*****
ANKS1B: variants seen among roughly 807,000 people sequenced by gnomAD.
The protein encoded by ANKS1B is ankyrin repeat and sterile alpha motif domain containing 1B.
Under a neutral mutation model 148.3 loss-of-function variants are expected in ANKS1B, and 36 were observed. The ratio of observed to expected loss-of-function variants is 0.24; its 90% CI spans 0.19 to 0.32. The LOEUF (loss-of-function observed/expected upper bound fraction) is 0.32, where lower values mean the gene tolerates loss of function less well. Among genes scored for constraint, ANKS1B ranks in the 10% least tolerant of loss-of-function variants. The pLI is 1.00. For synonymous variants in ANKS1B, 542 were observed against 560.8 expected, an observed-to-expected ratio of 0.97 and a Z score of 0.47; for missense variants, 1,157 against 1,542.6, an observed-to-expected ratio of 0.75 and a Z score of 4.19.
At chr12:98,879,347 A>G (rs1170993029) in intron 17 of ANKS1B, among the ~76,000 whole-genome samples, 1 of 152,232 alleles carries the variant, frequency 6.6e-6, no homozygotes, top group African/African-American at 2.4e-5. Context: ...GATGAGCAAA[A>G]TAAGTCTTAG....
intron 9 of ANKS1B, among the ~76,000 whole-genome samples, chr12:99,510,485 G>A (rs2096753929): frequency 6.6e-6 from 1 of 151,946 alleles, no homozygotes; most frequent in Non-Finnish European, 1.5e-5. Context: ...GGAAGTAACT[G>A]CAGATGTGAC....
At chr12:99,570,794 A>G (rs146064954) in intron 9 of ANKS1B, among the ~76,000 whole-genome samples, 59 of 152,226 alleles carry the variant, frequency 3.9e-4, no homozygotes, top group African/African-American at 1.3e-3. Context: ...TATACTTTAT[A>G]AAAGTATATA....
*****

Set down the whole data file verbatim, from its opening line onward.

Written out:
ANKS1B: variants seen among roughly 807,000 people sequenced by gnomAD.
The protein encoded by ANKS1B is ankyrin repeat and sterile alpha motif domain containing 1B.
Under a neutral mutation model 148.3 loss-of-function variants are expected in ANKS1B, and 36 were observed. The ratio of observed to expected loss-of-function variants is 0.24; its 90% CI spans 0.19 to 0.32. The LOEUF (loss-of-function observed/expected upper bound fraction) is 0.32, where lower values mean the gene tolerates loss of function less well. Among genes scored for constraint, ANKS1B ranks in the 10% least tolerant of loss-of-function variants. The pLI is 1.00. For synonymous variants in ANKS1B, 542 were observed against 560.8 expected, an observed-to-expected ratio of 0.97 and a Z score of 0.47; for missense variants, 1,157 against 1,542.6, an observed-to-expected ratio of 0.75 and a Z score of 4.19.
At chr12:98,879,347 A>G (rs1170993029) in intron 17 of ANKS1B, among the ~76,000 whole-genome samples, 1 of 152,232 alleles carries the variant, frequency 6.6e-6, no homozygotes, top group African/African-American at 2.4e-5. Context: ...GATGAGCAAA[A>G]TAAGTCTTAG....
intron 9 of ANKS1B, among the ~76,000 whole-genome samples, chr12:99,510,485 G>A (rs2096753929): frequency 6.6e-6 from 1 of 151,946 alleles, no homozygotes; most frequent in Non-Finnish European, 1.5e-5. Context: ...GGAAGTAACT[G>A]CAGATGTGAC....
At chr12:99,570,794 A>G (rs146064954) in intron 9 of ANKS1B, among the ~76,000 whole-genome samples, 59 of 152,226 alleles carry the variant, frequency 3.9e-4, no homozygotes, top group African/African-American at 1.3e-3. Context: ...TATACTTTAT[A>G]AAAGTATATA....